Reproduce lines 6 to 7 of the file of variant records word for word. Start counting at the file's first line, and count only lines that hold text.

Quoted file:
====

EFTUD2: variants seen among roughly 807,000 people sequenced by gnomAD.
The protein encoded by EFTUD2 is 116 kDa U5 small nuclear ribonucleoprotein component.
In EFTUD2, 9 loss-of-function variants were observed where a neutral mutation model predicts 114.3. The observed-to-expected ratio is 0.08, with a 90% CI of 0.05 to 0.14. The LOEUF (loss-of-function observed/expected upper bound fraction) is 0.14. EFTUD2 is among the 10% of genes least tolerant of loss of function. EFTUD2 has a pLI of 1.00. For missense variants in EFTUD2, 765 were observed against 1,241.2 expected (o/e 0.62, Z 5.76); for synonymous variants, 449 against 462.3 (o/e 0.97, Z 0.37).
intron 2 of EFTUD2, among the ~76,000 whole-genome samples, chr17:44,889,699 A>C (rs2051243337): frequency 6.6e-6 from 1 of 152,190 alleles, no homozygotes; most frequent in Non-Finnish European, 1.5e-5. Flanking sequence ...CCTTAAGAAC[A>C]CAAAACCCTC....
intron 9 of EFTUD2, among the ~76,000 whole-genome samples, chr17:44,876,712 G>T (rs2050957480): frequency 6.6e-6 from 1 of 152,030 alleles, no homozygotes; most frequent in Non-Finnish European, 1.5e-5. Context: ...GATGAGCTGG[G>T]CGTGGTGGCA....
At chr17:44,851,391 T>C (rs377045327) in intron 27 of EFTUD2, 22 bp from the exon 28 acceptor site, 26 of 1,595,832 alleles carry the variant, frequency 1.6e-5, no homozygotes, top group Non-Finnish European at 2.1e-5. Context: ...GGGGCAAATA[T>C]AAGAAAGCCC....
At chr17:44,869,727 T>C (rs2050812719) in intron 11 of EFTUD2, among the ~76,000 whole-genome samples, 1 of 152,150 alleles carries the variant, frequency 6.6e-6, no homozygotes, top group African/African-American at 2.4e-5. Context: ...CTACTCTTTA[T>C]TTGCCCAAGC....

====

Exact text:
At chr17:44,851,391 T>C (rs377045327) in intron 27 of EFTUD2, 22 bp from the exon 28 acceptor site, 26 of 1,595,832 alleles carry the variant, frequency 1.6e-5, no homozygotes, top group Non-Finnish European at 2.1e-5. Context: ...GGGGCAAATA[T>C]AAGAAAGCCC....
At chr17:44,869,727 T>C (rs2050812719) in intron 11 of EFTUD2, among the ~76,000 whole-genome samples, 1 of 152,150 alleles carries the variant, frequency 6.6e-6, no homozygotes, top group African/African-American at 2.4e-5. Context: ...CTACTCTTTA[T>C]TTGCCCAAGC....